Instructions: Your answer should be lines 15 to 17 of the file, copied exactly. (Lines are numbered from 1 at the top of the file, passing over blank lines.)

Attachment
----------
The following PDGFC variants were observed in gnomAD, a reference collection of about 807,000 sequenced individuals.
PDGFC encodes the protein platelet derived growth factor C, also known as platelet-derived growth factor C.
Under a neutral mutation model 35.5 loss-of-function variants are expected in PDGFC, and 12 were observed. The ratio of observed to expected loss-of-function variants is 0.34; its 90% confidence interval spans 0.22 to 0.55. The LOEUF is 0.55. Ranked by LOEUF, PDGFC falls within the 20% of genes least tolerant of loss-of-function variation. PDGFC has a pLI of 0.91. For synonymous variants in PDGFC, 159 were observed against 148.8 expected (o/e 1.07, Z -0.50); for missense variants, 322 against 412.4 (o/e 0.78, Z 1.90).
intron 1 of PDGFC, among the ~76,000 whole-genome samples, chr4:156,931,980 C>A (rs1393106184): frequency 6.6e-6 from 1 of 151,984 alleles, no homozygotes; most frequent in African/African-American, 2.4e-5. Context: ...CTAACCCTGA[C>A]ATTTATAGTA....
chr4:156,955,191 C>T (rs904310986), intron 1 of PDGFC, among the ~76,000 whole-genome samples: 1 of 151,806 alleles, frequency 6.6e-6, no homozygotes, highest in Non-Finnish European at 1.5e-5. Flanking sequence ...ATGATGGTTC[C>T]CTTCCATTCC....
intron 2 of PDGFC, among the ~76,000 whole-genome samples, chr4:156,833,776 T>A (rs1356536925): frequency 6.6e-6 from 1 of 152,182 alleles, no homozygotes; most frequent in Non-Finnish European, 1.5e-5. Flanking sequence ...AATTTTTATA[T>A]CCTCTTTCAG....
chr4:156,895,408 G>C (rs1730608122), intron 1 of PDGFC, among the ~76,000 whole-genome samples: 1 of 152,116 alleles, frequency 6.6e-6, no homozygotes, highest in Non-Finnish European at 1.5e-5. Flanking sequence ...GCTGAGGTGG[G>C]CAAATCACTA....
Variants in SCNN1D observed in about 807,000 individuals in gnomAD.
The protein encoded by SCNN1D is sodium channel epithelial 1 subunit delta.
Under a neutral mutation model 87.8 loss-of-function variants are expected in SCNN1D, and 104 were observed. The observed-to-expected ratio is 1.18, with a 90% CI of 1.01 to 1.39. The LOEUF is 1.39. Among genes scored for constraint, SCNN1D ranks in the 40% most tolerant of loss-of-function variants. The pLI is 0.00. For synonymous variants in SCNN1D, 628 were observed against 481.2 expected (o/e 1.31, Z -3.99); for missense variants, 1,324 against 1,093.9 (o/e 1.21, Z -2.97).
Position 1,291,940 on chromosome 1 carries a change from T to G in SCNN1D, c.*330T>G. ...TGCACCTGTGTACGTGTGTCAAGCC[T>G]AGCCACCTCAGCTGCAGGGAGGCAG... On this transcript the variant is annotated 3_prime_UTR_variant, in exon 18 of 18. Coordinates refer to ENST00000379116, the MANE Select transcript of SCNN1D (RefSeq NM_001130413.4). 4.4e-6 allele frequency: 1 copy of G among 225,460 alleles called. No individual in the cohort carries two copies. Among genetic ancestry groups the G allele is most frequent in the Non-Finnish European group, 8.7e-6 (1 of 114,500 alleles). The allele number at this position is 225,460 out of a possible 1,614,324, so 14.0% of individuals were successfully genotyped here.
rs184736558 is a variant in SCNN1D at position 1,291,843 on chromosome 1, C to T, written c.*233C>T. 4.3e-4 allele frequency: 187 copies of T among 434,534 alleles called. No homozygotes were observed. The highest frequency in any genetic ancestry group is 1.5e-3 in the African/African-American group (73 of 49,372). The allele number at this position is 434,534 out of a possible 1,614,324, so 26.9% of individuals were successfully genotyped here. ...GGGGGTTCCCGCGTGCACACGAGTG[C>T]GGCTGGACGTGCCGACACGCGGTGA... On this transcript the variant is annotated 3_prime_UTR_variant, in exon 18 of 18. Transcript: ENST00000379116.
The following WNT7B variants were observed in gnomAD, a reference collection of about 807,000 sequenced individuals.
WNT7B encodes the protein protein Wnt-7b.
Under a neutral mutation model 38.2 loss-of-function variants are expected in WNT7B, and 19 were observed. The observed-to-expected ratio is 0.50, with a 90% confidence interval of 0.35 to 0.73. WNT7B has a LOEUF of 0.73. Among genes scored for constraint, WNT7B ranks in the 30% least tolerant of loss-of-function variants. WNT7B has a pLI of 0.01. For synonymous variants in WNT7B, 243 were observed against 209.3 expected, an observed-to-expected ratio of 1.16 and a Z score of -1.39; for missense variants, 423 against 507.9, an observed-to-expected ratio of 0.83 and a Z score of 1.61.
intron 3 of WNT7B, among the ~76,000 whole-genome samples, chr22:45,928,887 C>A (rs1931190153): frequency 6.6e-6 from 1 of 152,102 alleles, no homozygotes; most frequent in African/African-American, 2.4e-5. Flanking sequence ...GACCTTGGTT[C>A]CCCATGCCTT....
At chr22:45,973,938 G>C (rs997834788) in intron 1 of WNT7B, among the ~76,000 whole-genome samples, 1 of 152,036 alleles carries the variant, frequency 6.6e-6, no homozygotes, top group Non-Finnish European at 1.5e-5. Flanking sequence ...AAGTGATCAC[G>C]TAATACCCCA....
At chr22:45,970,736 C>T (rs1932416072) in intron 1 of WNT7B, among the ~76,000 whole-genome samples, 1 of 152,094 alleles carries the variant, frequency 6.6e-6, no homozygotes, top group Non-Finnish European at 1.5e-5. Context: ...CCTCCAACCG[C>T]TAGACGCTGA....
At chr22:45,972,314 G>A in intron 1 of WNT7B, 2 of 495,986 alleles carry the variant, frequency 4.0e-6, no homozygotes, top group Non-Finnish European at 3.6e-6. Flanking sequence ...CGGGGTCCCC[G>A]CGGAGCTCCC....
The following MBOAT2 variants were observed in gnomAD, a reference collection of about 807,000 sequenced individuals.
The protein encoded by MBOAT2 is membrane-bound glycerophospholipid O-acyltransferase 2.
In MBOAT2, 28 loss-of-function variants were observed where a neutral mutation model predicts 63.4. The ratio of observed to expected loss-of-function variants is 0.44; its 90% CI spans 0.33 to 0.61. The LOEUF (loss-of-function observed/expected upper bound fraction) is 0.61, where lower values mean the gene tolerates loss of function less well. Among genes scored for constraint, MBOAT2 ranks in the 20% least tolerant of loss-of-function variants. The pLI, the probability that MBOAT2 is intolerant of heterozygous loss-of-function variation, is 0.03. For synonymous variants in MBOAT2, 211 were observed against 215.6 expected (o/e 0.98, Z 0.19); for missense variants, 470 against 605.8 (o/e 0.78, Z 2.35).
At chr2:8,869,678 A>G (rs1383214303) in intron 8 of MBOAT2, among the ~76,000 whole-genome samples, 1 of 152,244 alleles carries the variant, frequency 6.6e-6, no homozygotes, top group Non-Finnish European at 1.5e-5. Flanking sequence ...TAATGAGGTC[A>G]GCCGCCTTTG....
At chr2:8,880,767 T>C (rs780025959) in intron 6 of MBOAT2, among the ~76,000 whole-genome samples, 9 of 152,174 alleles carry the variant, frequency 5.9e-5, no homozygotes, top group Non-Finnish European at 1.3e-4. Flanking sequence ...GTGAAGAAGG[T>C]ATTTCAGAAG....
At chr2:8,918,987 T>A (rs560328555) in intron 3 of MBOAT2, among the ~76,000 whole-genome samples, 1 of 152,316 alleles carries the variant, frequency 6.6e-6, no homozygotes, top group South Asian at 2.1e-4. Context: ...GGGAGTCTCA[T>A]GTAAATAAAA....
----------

Under a neutral mutation model 38.2 loss-of-function variants are expected in WNT7B, and 19 were observed. The observed-to-expected ratio is 0.50, with a 90% confidence interval of 0.35 to 0.73. WNT7B has a LOEUF of 0.73. Among genes scored for constraint, WNT7B ranks in the 30% least tolerant of loss-of-function variants. WNT7B has a pLI of 0.01. For synonymous variants in WNT7B, 243 were observed against 209.3 expected, an observed-to-expected ratio of 1.16 and a Z score of -1.39; for missense variants, 423 against 507.9, an observed-to-expected ratio of 0.83 and a Z score of 1.61.
intron 3 of WNT7B, among the ~76,000 whole-genome samples, chr22:45,928,887 C>A (rs1931190153): frequency 6.6e-6 from 1 of 152,102 alleles, no homozygotes; most frequent in African/African-American, 2.4e-5. Flanking sequence ...GACCTTGGTT[C>A]CCCATGCCTT....
At chr22:45,973,938 G>C (rs997834788) in intron 1 of WNT7B, among the ~76,000 whole-genome samples, 1 of 152,036 alleles carries the variant, frequency 6.6e-6, no homozygotes, top group Non-Finnish European at 1.5e-5. Flanking sequence ...AAGTGATCAC[G>C]TAATACCCCA....